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NYAFF 2015, Day 2: Hong Kong Action, Then and Now, With City on Fire and Cold War

By  · Published on June 27th, 2015

The New York Asian Film Festival returns for a 14th year showcasing an exciting and eclectic mix of movies from Japan, South Korea, Hong Kong, Thailand, Taiwan, China and Malaysia. This year brings a total of 54 feature films including two world premieres and three international premieres, and while I’m once again unfortunately unable to experience the fest on the ground in NYC I’m excited to cover as much as I can remotely.

Day two of the festival features three films, Hong Kong’s City on Fire and Cold War and South Korea’s Empire of Lust.

NYAFF 2015 runs June 26th through July 11th. Follow our coverage here.

When an undercover cop is stabbed to death by a quartet of violent thieves his police superiors move fast to slip another officer into their midst. The man they choose, Ko Chow (Chow Yun-fat), is a cop who’s been burned before on the undercover beat and wants no part of the new assignment. His hand is forced though, and soon he finds himself living and breathing the criminal life again. He also finds himself befriending Fu (Danny Lee), one of crooks, and as their friendship grows – and Ko finds himself hunted by a police unit indifferent to his assignment – his loyalty soon becomes dangerously malleable.

1987’s City on Fire wasn’t Ringo Lam’s first film as director, but it was both his first serious action film and his first notable hit. It’s easy to see the attraction for audiences too thanks to a mix of gritty action, high drama and another charismatic turn by Chow. Unfortunately though there’s also a lot of filler.

The most evident story line that crosses into extraneous territory is Ko’s relationship troubles. His girlfriend is threatening to leave him for another man due to his inattention, but that one-note subplot is dragged out through several scenes. Their mutual affection is lacking, even by Hong Kong action movie standards, and we can’t help but be completely disinterested. Time is better spent developing the mutual respect and friendship between Ko and Fu, although more time is needed for viewers to accept some of Ko’s actions in the third act.

Chow has fun with the lead role, and it’s refreshing seeing him take on a looser, less cool character than has became his norm after films like The Killer and Hard Boiled. At times though he feels a bit too laid back and carefree. The shift from his early goofiness to the later seriousness is rocky, but the action serves as a suitable distraction.

The action beats – from their choreography to cinematography (via Andrew Lau, who later went on to his own successful directing career with the likes of Legend of the Fist: The Return of Chen Zhen) – work to create and hold an engaging atmosphere. We get a pair of really solid foot chases as well as a car chase set to “Joy to the World” (Shane Black must love this film), and the final shootout manages some stylish thrills.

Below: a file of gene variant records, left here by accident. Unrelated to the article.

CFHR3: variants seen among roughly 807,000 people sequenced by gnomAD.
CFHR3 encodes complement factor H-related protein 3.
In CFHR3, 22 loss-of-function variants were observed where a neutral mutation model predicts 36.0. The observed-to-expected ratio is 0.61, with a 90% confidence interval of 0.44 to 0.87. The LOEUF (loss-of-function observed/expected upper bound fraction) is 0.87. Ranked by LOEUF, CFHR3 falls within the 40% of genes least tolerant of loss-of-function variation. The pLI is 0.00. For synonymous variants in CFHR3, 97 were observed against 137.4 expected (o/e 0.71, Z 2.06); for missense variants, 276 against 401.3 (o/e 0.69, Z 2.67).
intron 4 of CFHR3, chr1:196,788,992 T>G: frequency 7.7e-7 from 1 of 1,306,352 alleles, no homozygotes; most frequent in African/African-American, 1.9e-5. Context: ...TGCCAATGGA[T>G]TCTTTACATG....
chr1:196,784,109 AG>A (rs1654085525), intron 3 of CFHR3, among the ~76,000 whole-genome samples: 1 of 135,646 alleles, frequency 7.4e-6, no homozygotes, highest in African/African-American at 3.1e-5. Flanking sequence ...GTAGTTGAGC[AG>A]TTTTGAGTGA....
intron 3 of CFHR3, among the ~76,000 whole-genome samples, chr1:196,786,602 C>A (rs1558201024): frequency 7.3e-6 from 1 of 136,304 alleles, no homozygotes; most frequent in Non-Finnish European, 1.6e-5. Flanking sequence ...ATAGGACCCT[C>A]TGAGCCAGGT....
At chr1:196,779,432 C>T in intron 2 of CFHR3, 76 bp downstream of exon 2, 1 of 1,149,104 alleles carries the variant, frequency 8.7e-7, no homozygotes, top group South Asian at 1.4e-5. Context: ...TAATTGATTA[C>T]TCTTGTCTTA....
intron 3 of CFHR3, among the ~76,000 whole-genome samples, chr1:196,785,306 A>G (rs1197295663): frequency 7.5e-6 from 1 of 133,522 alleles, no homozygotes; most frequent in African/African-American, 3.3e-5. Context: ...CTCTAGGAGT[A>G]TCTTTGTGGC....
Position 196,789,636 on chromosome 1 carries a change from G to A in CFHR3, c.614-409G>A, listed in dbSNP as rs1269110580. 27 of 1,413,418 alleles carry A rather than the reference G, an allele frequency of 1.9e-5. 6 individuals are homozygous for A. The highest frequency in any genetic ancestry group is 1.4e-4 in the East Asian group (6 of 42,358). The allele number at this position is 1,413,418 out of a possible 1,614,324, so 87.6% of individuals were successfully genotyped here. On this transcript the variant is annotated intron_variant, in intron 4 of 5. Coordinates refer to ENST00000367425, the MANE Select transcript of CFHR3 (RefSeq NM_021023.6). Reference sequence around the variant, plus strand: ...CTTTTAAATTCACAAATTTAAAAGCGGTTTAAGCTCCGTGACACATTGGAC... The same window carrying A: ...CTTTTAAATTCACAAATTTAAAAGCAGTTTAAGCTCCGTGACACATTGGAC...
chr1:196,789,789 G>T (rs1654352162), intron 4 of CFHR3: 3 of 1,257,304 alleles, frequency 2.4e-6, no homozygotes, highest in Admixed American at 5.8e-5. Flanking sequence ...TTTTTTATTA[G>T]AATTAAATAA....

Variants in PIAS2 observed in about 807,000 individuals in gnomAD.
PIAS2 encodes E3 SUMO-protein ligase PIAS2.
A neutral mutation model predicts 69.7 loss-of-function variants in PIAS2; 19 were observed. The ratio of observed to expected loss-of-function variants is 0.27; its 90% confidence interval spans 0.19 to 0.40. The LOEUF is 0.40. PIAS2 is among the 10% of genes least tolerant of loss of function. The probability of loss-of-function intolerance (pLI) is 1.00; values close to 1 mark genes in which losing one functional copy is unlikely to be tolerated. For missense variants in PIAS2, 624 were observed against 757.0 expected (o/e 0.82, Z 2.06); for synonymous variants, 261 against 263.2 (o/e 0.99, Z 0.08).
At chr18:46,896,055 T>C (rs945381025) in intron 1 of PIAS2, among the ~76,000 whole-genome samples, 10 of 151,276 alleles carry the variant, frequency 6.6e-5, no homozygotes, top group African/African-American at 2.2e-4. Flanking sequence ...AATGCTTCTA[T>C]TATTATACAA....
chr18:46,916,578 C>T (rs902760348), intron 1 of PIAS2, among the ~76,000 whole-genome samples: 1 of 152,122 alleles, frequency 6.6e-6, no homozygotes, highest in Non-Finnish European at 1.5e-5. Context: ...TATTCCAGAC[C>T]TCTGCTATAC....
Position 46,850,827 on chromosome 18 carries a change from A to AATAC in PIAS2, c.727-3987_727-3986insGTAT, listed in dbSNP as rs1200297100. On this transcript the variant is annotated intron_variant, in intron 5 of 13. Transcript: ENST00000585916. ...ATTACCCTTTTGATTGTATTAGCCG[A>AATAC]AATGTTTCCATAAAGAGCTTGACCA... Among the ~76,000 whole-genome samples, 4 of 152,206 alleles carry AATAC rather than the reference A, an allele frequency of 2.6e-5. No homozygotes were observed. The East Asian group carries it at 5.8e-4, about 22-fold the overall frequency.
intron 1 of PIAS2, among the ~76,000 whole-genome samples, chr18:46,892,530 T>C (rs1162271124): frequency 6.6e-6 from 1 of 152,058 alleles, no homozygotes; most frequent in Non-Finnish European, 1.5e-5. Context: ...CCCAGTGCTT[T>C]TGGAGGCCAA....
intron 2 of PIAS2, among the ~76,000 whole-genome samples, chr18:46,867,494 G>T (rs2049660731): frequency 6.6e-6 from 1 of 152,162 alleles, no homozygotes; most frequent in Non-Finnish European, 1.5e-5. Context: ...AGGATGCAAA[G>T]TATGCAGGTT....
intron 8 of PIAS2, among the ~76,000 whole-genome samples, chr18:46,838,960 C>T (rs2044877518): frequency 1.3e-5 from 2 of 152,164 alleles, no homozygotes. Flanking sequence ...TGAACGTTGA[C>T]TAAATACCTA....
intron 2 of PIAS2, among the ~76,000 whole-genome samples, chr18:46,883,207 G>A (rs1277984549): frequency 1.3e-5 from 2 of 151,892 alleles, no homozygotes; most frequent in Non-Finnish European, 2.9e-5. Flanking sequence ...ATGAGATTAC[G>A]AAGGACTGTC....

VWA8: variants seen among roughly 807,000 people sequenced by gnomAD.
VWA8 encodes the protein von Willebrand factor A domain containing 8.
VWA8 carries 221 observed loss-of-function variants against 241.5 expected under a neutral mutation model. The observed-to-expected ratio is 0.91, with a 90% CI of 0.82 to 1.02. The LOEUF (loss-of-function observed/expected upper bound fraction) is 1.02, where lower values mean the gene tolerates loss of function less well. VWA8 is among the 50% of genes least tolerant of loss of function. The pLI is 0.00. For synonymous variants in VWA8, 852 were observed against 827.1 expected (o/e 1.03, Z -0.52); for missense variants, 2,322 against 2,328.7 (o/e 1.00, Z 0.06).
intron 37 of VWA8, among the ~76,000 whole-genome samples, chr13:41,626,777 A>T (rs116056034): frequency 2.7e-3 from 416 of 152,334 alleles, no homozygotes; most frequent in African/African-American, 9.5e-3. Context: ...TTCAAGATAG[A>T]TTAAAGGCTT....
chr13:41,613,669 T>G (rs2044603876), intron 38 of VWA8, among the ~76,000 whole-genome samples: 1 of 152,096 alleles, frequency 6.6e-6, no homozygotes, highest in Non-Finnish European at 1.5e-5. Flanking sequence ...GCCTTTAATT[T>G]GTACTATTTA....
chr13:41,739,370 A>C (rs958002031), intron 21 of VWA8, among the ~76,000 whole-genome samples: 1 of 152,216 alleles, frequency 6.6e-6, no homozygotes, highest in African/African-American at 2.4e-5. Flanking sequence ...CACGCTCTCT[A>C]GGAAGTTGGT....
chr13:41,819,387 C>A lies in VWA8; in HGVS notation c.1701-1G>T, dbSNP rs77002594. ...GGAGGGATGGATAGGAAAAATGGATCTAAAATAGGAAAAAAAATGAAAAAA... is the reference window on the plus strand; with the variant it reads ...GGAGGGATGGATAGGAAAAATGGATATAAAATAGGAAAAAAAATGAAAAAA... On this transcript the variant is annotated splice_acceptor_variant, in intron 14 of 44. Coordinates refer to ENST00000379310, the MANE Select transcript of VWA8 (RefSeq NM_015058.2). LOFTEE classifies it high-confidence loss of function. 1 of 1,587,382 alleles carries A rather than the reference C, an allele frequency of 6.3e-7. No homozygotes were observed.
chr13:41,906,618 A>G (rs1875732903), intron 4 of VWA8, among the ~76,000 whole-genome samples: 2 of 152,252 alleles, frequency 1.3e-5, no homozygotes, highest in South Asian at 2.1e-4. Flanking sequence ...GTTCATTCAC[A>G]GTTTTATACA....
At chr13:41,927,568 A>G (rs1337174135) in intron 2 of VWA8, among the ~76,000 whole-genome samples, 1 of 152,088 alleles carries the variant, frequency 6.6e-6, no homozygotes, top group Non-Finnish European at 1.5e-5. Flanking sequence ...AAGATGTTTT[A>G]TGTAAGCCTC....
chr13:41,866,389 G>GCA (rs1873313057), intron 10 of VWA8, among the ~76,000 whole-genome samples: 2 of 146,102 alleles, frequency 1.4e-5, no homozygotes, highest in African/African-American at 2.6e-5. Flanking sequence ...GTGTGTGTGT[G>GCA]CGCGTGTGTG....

That final shootout – the whole third act really – does of course bear some very clear similarities to Quentin Tarantino’s 1992 debut, Reservoir Dogs. Lam tells the story without having to play with chronology though.

Cold War actually played NYAFF 2013, but they’re showing it again as part of their Hong Kong Panorama so I’m re-posting my original thoughts here.

An explosion at a Hong Kong movie theater puts the entire city on edge, but it also creates a clash of wills at the highest levels of the police department. With the commissioner out of the country on official business his two deputies step up with differing plans of attack, and things get even worse when an entire van full of police officers are abducted by unknown bad guys.

MB Lee (Tony Leung Kar-fai) is old school through and through and favors an immediate and aggressive response, while Sean Lau (Aaron Kwok) prefers negotiation in order to secure the safety of his officers and Hong Kong’s citizens. Complicating things further is the realization that Lee’s son is among the kidnapped leading to revelations, intrigue and some incredibly dirty office politics.

Writers/directors Longman Leung and Sunny Luk are clearly aiming for an Infernal Affairs vibe here both intensity-wise and commercially, but while the latter goal came to fruition thanks to boffo box office and awards acclaim the film itself doesn’t work as well. The two leads come across more as caricatures than fully realized characters leaving their face-offs feeling a bit too artificial and overly dramatic. That immense seriousness is found throughout the film as it asks viewers to get worked up by intense montages of cops looking at whiteboards and waving their hands in the air.

None of this stops the film from finding and executing some entertaining and electric set pieces, but they’re few and far between until the third act. The final twenty minutes offer up some fun gunplay and fireworks, and while they’re hurt slightly by obvious CGI it remains the movie’s high point.

Action and drama aside there is an interesting subtext here about Hong Kong’s relationship with China that for better or worse is presented without a heavy hand. It’s definitely interesting, and as the film ends with the expectation of a sequel (and possible franchise) it’s something that may be explored more in the future.

NYAFF 2015 runs June 26th through July 11th. Follow our coverage here.

Rob Hunter has been writing for Film School Rejects since before you were born, which is weird seeing as he's so damn young. He's our Chief Film Critic and Associate Editor and lists 'Broadcast News' as his favorite film of all time. Feel free to say hi if you see him on Twitter @FakeRobHunter.